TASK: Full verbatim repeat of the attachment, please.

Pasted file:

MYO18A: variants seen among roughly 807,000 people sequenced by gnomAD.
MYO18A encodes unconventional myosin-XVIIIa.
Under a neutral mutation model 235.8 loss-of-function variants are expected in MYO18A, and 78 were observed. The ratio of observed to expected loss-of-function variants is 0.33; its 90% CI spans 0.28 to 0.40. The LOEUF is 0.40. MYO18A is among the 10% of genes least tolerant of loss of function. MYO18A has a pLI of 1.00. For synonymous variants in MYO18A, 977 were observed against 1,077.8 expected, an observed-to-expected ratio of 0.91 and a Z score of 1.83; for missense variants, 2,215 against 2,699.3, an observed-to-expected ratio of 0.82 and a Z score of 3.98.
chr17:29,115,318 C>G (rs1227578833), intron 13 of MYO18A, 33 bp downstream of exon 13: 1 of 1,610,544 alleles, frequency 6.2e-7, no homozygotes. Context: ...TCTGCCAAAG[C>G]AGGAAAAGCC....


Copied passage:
MYO18A: variants seen among roughly 807,000 people sequenced by gnomAD.
MYO18A encodes unconventional myosin-XVIIIa.
Under a neutral mutation model 235.8 loss-of-function variants are expected in MYO18A, and 78 were observed. The ratio of observed to expected loss-of-function variants is 0.33; its 90% CI spans 0.28 to 0.40. The LOEUF is 0.40. MYO18A is among the 10% of genes least tolerant of loss of function. MYO18A has a pLI of 1.00. For synonymous variants in MYO18A, 977 were observed against 1,077.8 expected, an observed-to-expected ratio of 0.91 and a Z score of 1.83; for missense variants, 2,215 against 2,699.3, an observed-to-expected ratio of 0.82 and a Z score of 3.98.
chr17:29,115,318 C>G (rs1227578833), intron 13 of MYO18A, 33 bp downstream of exon 13: 1 of 1,610,544 alleles, frequency 6.2e-7, no homozygotes. Context: ...TCTGCCAAAG[C>G]AGGAAAAGCC....